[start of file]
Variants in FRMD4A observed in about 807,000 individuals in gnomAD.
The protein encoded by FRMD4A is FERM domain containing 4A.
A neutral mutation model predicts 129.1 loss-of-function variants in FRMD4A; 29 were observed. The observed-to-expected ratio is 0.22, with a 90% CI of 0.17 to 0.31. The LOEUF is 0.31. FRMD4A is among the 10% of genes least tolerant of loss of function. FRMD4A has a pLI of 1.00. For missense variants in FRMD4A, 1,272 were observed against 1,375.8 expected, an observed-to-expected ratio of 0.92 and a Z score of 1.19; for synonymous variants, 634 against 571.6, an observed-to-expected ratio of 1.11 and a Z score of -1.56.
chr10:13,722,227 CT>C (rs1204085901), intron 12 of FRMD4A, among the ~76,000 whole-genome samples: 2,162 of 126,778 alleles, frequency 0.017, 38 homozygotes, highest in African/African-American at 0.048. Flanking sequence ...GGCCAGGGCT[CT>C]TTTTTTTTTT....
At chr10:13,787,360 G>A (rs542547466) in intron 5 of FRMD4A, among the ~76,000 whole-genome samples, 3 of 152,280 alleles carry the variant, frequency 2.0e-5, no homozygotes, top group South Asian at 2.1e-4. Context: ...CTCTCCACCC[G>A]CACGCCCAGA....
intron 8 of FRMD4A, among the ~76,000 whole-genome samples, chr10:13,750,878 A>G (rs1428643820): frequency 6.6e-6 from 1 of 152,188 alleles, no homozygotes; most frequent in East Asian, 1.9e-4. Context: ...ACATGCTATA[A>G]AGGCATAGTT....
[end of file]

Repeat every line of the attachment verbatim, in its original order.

Variants in FRMD4A observed in about 807,000 individuals in gnomAD.
The protein encoded by FRMD4A is FERM domain containing 4A.
A neutral mutation model predicts 129.1 loss-of-function variants in FRMD4A; 29 were observed. The observed-to-expected ratio is 0.22, with a 90% CI of 0.17 to 0.31. The LOEUF is 0.31. FRMD4A is among the 10% of genes least tolerant of loss of function. FRMD4A has a pLI of 1.00. For missense variants in FRMD4A, 1,272 were observed against 1,375.8 expected, an observed-to-expected ratio of 0.92 and a Z score of 1.19; for synonymous variants, 634 against 571.6, an observed-to-expected ratio of 1.11 and a Z score of -1.56.
chr10:13,722,227 CT>C (rs1204085901), intron 12 of FRMD4A, among the ~76,000 whole-genome samples: 2,162 of 126,778 alleles, frequency 0.017, 38 homozygotes, highest in African/African-American at 0.048. Flanking sequence ...GGCCAGGGCT[CT>C]TTTTTTTTTT....
At chr10:13,787,360 G>A (rs542547466) in intron 5 of FRMD4A, among the ~76,000 whole-genome samples, 3 of 152,280 alleles carry the variant, frequency 2.0e-5, no homozygotes, top group South Asian at 2.1e-4. Context: ...CTCTCCACCC[G>A]CACGCCCAGA....
intron 8 of FRMD4A, among the ~76,000 whole-genome samples, chr10:13,750,878 A>G (rs1428643820): frequency 6.6e-6 from 1 of 152,188 alleles, no homozygotes; most frequent in East Asian, 1.9e-4. Context: ...ACATGCTATA[A>G]AGGCATAGTT....